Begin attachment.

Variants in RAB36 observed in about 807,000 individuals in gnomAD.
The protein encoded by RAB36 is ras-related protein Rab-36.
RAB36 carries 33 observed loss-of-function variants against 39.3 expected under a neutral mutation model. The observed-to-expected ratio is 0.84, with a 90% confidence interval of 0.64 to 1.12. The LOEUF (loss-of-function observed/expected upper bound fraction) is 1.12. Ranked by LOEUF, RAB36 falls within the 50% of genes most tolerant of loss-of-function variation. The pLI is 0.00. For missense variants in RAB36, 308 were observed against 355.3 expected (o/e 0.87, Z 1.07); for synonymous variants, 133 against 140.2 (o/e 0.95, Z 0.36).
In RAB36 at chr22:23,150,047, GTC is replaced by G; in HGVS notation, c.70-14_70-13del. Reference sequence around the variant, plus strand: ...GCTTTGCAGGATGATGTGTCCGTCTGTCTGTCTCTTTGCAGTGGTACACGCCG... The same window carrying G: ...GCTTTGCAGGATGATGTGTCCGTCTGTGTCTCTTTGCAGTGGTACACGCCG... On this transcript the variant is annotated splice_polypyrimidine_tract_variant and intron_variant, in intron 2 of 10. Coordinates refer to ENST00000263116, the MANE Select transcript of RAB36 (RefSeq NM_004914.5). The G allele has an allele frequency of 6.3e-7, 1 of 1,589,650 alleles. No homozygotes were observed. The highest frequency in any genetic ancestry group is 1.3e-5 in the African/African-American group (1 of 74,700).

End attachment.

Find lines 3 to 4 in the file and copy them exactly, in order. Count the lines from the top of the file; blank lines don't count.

RAB36 carries 33 observed loss-of-function variants against 39.3 expected under a neutral mutation model. The observed-to-expected ratio is 0.84, with a 90% confidence interval of 0.64 to 1.12. The LOEUF (loss-of-function observed/expected upper bound fraction) is 1.12. Ranked by LOEUF, RAB36 falls within the 50% of genes most tolerant of loss-of-function variation. The pLI is 0.00. For missense variants in RAB36, 308 were observed against 355.3 expected (o/e 0.87, Z 1.07); for synonymous variants, 133 against 140.2 (o/e 0.95, Z 0.36).
In RAB36 at chr22:23,150,047, GTC is replaced by G; in HGVS notation, c.70-14_70-13del. Reference sequence around the variant, plus strand: ...GCTTTGCAGGATGATGTGTCCGTCTGTCTGTCTCTTTGCAGTGGTACACGCCG... The same window carrying G: ...GCTTTGCAGGATGATGTGTCCGTCTGTGTCTCTTTGCAGTGGTACACGCCG... On this transcript the variant is annotated splice_polypyrimidine_tract_variant and intron_variant, in intron 2 of 10. Coordinates refer to ENST00000263116, the MANE Select transcript of RAB36 (RefSeq NM_004914.5). The G allele has an allele frequency of 6.3e-7, 1 of 1,589,650 alleles. No homozygotes were observed. The highest frequency in any genetic ancestry group is 1.3e-5 in the African/African-American group (1 of 74,700).